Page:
Plzen, Czech Republic

by - January 10, 2011

Thursday 6th January 2011

Plzen town centre - with half a man who ruined my panorama
Train journey to Plzen
On our last full day we decided to venture out of Prague again.  This involved me looking at a lot of rail timetables and finding where we could travel to and from in a day.  We eventually settled on the town of Plzen, about 2 hours south west of Prague by train.  It is the fourth biggest city in the Czech Republic and is most famous for being the town that Pilsener, the world’s first lager.  This started with a wonderful train journey, where the line snaked through a canyon beside a river.  Unfortunately, as seems to be the case with most trains in Central Europe, the windows were dirty and it was difficult to get any good photos.  I guess this is the best of the bunch.

Lunch in Plzen with a Pilsener

We didn't really know what to expect in Plzen - lonely planet didn’t really elaborate much on the sites.  Upon arrival it turned out that the city was trying to be European Capital of Culture for 2015, so we expected there to be a lot to see.  Our first stop after a long journey was the local beer hall, where we had the compulsory Pilsener Urquell beer.  The food was traditional and served on a wooden board which had been crafted to include the beer mat - a typical thing to do for such a beer based town.  I was able to look at the map of the town I had picked up and found out that it isn’t only the brewery that it’s famous for.  It also contains the third largest synagogue in the entire world - behind only Jerusalem and Budapest.  However, beyond that, it didn’t seem like we would be able to spend much time there.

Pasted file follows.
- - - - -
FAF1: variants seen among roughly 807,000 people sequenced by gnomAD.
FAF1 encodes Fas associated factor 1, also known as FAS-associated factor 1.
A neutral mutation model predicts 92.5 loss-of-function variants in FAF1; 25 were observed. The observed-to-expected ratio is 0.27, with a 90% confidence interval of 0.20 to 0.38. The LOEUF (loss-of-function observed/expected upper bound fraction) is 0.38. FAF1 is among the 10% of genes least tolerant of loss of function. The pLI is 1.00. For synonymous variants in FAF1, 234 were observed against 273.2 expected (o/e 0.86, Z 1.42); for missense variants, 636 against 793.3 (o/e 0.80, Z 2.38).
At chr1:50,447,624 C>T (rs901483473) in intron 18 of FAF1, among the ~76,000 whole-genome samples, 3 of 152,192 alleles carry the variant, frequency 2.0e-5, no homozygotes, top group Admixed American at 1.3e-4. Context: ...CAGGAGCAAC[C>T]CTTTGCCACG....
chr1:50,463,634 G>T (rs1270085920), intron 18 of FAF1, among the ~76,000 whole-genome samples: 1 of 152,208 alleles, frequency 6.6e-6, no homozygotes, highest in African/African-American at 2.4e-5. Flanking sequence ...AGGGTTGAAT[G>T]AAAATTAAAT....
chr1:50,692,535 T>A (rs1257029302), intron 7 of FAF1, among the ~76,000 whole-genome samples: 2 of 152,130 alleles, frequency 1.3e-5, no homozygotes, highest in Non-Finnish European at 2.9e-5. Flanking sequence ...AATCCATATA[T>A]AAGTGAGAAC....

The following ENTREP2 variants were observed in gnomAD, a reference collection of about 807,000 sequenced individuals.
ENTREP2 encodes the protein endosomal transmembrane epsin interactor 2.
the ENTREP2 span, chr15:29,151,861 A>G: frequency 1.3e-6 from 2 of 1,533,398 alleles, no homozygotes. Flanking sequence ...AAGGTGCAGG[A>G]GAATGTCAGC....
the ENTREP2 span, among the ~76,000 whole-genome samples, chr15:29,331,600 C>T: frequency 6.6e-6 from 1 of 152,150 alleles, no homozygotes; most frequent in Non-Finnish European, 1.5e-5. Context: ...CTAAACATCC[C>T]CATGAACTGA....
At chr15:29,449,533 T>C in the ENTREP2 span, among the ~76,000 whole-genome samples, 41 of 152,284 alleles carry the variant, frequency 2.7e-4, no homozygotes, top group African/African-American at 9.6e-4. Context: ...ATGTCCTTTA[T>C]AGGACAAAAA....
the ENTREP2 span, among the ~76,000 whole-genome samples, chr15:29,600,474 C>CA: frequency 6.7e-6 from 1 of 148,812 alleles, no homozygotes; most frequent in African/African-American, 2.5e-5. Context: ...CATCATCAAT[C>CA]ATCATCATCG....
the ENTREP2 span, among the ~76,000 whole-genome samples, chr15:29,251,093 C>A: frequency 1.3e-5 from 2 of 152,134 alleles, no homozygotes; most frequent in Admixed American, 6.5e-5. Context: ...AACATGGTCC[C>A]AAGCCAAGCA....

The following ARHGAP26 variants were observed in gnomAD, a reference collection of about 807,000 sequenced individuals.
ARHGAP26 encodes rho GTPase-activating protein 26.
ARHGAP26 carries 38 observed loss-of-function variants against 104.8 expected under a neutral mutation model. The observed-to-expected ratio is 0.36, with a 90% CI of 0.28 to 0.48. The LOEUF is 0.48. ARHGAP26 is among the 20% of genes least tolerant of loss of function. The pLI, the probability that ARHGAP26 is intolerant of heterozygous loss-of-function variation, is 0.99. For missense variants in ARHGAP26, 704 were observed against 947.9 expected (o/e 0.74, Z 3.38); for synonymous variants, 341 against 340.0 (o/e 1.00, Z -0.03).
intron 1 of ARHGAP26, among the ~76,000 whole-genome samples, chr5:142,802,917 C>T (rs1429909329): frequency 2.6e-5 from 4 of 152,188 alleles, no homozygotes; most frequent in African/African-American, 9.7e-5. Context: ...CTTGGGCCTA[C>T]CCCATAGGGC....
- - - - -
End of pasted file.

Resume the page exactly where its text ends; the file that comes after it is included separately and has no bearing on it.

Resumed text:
Plzen Synagogue

Willing to give the town a chance though, we headed from the beer hall towards the town centre.  This was tough in itself though because, just like Kutna Hora, the roads were really icy.  From the beer hall we headed to the synagogue, via the town square.  Despite being the third largest in the world, the synagogue was closed - so with no other major sites we headed back for the station.  There was nothing particularly impressive or bloggable about the town - I am struggling to find stuff to write about.  On the way back to the station we saw the old Brewery Gate where the horse and carts used to enter the city with kegs of beer.  There was a Pilsen museum, but we didn’t really have time for it, without missing the only train to Prague with a reasonable time.  It was worth going to Plzen - to say that we have been there, but it felt a bit like we had spent 4 hours on a train for the sake of a beer.  It is definitely somewhere to go to on your way through the Czech Republic, but possibly not somewhere to base a trip around.  Unless you are a real beer fan.
Brewery Gate, Plzen

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